Finding that under these circumstances he could no longer attempt complicated and difficult work, he thought he would seek to make his living in one of those occupations where mere muscular strength is the chief qualification required. Thus he was able for some time to earn his living as a coal porter, and most fortunately made himself very popular among the “coal-whippers,” &c., with whom he associated. But even in this more humble calling fate still seemed to conspire against him. While high up on an iron ladder near the canal, at the Whitechapel coal wharfs, he twisted himself round to speak to some one below, lost his balance and fell heavily to the ground. Hastily conveyed to the London Hospital, it was discovered that he had broken his right wrist and his left arm. The latter limb was so seriously injured that amputation was unavoidable, and when Ted Coally reappeared in Whitechapel society, a hook had replaced his lost arm. Thus crippled, he was no longer fit for regular work of any description, and having by that time lost his father, the family soon found themselves reduced to want. “Hookey Alf,” as he was now called, did not, however, lose heart; and, pocketing his pride, he wandered from street to street in search of any sort of work he could find. Hovering in the vicinity of the coal-yards he often met his old fellow-workers, and whenever a little extra help was required they gladly offered him a few pence for what feeble assistance he could render. Gradually he became accustomed to the use of his hook, and proved himself of more service than might have been anticipated; but, nevertheless, he has never been able to secure anything like regular employment.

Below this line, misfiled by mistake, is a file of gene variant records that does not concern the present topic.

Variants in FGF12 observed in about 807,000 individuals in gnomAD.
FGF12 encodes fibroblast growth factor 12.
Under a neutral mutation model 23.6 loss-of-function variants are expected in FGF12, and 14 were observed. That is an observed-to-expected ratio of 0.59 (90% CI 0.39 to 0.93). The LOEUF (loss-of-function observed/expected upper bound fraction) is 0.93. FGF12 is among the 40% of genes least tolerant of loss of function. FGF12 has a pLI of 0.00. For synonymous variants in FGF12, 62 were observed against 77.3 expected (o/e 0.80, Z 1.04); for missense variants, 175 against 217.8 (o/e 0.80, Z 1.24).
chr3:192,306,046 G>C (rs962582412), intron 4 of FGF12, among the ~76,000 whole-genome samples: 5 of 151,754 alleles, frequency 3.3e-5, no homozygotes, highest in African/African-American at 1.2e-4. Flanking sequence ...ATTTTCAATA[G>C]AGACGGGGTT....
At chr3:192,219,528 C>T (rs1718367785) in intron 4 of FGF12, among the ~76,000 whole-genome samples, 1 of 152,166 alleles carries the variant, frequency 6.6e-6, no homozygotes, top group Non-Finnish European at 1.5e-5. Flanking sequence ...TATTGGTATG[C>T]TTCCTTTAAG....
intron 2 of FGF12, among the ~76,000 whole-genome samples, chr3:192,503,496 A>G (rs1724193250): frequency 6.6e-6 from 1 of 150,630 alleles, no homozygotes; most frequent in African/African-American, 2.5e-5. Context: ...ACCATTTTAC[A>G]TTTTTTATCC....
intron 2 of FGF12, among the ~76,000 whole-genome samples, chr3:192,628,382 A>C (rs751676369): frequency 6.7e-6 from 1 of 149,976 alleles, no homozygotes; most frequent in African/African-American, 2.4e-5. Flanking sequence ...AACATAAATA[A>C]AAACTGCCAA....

He may often be found waiting about the brewery in the Whitechapel Road, where ten or twelve tons of coal are frequently taken in during the course of the day. “Hookey” stands here on guard, in the hope that when the coal arrives there will be some need of his services to unload. On these occasions he will earn a meal and a few pence, and with this he returns home rejoicing. But, if after a long day’s patient endeavour he fails to make anything, the worry and disappointment will probably cause an attack of epilepsy, and thus add ill-health to poverty. The tender concern of his mother cannot soothe the wounded feelings of the strongman. The energy and will are still there, it is the power of action alone that is wanting; and this good-natured, honest man, feels that he ought to be supporting his mother and sister, while in reality he is often living on their meagre earnings. The position is certainly trying, and it is difficult to make poor “Hookey” understand that an epileptic cripple cannot be expected to fulfil the same duties as a man in sound health. It is some consolation to this worthy family to know that reliance may be placed on the daughter, whose earnings as a machinist keep the wolf from the door; but the spectacle of this once fine boy, the pride of his native street, now helpless in his spoilt manhood, must be a source of constant grief and disappointment. Perhaps the lowest depths of misery were reached when “Hookey,” in despair, slung a little string round his neck to hold in front of him a box or tray containing vesuvians, and presented himself at the entrance of a neighbouring railway station, and sought to sell a few matches. For a man still young in years, if not in suffering, this must have been a galling trial, and from my knowledge of the family I feel convinced that they keenly realized all its bitterness. “Hookey’s” misfortunes will, however, serve for one good purpose. They demonstrate that even those who resort to the humblest methods of making money in the streets are not always unworthy of respect and sympathy.